The government has confirmed that a pensions dashboard, first announced in the Budget 2016, will be launched by March 2017. Eleven pension providers have agreed to work together, alongside the Association of British Insurers which will manage the project, to build the prototype. The Government hopes to have the final product in place for consumers by 2019.
Pensions Ombudsman Service: change of name
On 31 August 2016, the Pensions Ombudsman Service announced that it had changed its name to The Pensions Ombudsman (TPO).
The new name is designed to align with TPO’s main partner organisations, TPR and TPAS, although the work and remit of the TPO will remain the same, to “provide clarity for the public when they look for advice, guidance and resolution of pension complaints”.
Consultation on Pensions Advice Allowance
On 30 August, HM Treasury published a consultation seeking views on the Government’s plans to allow people to use £500 tax free from their defined contribution pension pots to pay for regulated retirement advice.
In addition, the proposal is that tax exemption for employer-arranged advice (which would increase from £150 to £500) could be used in conjunction with the pensions advice allowance. This would give people access to up to £1,000 of tax advantaged financial advice.
These proposals are due to come into force from April 2017 and, importantly, are intended to be voluntary.
The consultation invites comments on its design, as well as on a number of outstanding policy questions. Amongst other things, it seeks views on details including the eligibility age, whether multiple uses of the allowance should be permitted, how best to promote awareness of the allowance and how to structure the proposed framework in a way that protects against fraud and misuse.
The consultation closes 25 October 2016.
Bank of England Base Rate
Following the Bank of England’s (BOE) decision on 4 August 2016 to cut interest rates and restart its quantitative easing (QE) programme, concerns have been raised about the impact on UK pensions.
There is concern that whilst the move aims to protect the UK economy, the introduction of further quantitative easing will have a negative impact and put further pressure on the funding positions of DB pension schemes and on the rates available to savers looking to purchase an annuity.
HMRC has now launched its new online service for pension scheme members to apply to protect their pension savings from the Lifetime Allowance (LTA) charge.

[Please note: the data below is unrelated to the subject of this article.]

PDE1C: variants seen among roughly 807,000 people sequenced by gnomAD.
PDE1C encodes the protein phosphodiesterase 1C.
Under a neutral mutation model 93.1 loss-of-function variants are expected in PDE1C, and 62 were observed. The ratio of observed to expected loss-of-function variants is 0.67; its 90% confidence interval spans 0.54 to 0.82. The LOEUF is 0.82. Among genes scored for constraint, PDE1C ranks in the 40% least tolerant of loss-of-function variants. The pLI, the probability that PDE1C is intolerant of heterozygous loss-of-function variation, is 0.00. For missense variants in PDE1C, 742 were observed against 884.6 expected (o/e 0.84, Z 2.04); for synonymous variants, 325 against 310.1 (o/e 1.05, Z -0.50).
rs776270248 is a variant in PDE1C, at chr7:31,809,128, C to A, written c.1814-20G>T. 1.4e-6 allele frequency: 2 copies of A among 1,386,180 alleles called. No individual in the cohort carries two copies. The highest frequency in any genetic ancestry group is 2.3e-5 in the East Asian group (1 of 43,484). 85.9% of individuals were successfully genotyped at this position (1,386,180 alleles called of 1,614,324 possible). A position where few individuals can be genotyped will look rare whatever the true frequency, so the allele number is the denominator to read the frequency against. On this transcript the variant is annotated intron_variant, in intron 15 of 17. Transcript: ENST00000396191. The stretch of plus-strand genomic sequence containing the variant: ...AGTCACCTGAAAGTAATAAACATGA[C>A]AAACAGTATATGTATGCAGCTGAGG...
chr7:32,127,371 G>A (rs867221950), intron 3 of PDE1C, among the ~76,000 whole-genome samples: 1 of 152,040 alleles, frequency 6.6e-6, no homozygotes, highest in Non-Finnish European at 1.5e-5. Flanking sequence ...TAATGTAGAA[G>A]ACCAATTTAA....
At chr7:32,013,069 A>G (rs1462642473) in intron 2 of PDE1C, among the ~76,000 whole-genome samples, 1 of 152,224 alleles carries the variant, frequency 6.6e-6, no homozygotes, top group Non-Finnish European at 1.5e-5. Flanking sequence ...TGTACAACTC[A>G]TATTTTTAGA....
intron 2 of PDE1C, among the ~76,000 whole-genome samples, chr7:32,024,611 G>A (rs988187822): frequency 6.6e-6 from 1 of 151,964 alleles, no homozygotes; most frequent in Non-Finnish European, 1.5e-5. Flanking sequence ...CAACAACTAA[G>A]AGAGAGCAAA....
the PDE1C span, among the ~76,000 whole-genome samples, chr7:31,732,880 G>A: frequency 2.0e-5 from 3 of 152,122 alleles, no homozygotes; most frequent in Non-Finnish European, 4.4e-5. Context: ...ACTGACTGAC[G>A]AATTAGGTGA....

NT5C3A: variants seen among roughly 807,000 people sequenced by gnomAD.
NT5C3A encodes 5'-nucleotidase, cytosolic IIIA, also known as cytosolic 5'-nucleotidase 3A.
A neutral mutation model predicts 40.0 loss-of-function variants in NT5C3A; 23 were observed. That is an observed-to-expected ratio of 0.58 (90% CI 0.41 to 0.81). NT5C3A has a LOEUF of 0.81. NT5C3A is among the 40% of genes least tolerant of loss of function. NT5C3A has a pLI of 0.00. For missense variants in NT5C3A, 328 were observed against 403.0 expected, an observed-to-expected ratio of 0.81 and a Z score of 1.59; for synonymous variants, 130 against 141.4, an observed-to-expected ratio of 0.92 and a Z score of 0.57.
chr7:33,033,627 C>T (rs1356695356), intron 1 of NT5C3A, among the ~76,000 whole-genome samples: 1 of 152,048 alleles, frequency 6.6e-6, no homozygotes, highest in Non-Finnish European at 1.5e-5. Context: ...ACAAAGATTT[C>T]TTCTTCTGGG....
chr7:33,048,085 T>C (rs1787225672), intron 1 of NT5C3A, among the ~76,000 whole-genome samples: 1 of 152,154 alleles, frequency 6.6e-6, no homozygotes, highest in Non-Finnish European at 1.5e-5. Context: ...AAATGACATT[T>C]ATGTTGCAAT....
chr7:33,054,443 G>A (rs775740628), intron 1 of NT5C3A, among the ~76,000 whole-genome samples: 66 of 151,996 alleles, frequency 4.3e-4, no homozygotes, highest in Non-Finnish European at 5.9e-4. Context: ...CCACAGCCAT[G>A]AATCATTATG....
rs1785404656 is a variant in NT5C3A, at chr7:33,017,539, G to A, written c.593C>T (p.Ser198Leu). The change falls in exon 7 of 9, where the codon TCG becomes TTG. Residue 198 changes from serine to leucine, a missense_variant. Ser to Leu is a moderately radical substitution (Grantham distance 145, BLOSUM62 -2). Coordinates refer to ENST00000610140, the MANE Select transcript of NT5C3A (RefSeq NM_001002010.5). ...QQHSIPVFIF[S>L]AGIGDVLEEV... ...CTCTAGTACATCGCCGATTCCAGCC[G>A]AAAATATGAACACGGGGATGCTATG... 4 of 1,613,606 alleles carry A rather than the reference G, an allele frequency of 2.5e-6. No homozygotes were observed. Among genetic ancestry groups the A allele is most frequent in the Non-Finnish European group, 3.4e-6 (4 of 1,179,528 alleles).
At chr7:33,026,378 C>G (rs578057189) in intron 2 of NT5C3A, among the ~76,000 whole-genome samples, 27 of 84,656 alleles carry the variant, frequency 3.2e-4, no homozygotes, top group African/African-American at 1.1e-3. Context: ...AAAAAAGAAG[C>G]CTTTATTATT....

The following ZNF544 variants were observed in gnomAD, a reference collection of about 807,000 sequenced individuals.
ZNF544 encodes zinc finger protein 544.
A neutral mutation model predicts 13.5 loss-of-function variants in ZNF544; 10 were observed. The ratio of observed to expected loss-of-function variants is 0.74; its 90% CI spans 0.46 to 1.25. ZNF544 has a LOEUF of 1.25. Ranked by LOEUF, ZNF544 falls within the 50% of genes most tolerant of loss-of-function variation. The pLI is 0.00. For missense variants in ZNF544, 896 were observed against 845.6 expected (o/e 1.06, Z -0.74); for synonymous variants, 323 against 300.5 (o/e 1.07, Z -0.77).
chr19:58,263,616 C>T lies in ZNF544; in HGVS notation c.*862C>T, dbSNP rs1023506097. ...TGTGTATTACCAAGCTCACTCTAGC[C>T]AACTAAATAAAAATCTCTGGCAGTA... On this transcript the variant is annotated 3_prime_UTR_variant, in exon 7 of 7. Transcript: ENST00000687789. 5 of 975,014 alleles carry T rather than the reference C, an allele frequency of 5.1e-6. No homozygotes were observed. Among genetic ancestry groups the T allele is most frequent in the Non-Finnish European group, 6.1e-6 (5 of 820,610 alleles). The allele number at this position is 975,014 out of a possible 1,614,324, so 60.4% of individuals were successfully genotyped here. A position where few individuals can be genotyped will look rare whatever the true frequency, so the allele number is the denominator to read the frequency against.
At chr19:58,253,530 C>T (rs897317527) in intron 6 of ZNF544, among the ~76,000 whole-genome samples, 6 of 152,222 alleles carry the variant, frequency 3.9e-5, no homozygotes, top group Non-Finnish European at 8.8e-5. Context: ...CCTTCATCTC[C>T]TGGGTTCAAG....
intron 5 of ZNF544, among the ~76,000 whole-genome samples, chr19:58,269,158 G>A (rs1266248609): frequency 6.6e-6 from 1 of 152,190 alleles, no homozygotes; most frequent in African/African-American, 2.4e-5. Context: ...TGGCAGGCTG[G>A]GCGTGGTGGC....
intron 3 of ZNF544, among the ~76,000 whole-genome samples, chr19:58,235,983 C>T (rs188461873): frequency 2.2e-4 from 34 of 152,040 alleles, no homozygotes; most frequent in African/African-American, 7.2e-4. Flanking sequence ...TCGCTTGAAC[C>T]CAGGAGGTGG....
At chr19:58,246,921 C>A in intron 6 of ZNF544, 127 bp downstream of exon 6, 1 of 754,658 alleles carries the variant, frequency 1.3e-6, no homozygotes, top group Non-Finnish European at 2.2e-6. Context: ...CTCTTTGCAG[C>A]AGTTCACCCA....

From now on, members who want to apply for individual protection 2016 (IP16) or fixed protection 2016 (FP16) must do so online and the interim paper-based application process in force since 6 April 2016 is no longer available.
Further information regarding who can apply for protection and how can be found through the Gov.uk website.
The Lifetime Allowance is the total amount of pension savings that an individual can build up within registered pension schemes during their lifetime, and if it is exceeded tax is charged on any savings over the limit.
There are two protection regimes relating to the 2016 reduction which mirror previous protections:
1. Fixed Protection 2016 will allow an individual to retain a Lifetime Allowance of £1.25 million. However, the individual must not accrue any benefits after 5 April 2016 to have this; and
2. Individual Protection 2016 can provide an individual with a bespoke level of Lifetime Allowance where that individual had pension savings of at least £1 million on 5 April 2016.
Applications for Fixed Protection 2016 and/or Individual Protection 2016 can now be made online with no deadline for applications to register. However, any member of schemes who wish to use Fixed Protection will need to have opted out of active membership so that accrual of benefits or payment of contributions ceased before 6 April 2016.
Reduction to the Annual Allowance
From 2016/17, those with ‘adjusted income’ over £150,000 now have their Annual Allowance reduced by £1 for every £2 of adjusted income over £150,000. The maximum reduction is £30,000. This is referred to as the tapered Annual Allowance.
As a consequence of the taper, individuals with adjusted income of £210,000 or over will have an Annual Allowance of £10,000.
For this purpose, ‘adjusted income’ is typically based on:
1. An individual’s taxable income; plus
2. The level of that individual’s pension savings, as measured by the pension input amount under Annual Allowance rules.
Typically, those with taxable income below £110,000 will not be subject to the new taper.
The fact that many members of pension schemes will have elements of non-pensionable pay or income from non-employment sources (e.g. income from personal assets such as property) means that there will be some members with pensionable pay considerably lower than £150,000 who are impacted by the tapered Annual Allowance.
Consequently, it is difficult for either employers or trustees to quantify how many members of their schemes may be impacted by the tapered Annual Allowance. Furthermore, for those members who are impacted by the tapered Annual Allowance, it is also difficult to quantify what reduced level of Annual Allowance will apply.
Changes have been made to the legislation so that a pensions savings statement will only need to be provided if the full Annual Allowance is exceeded.
The Pensions Regulator recently unveiled a refreshed scorpion campaign to warn of the dangers of pension scams. The campaign has been revamped to be clearer to savers and highlight the dangers imposed by pension scams.
The Pensions Regulator states that millions of people fall victim to scams every year. Some of the tactics used by pension scammers include offering free pension reviews, health checks and promises of better returns on their savings, pension loans, upfront cash or other promotions to tempt them.
The Pensions Regulator recognises that Trustees and business advisers play a crucial role in helping to stop scams because they can arm members with the information they need to protect themselves (and their pension savings) from the scammers.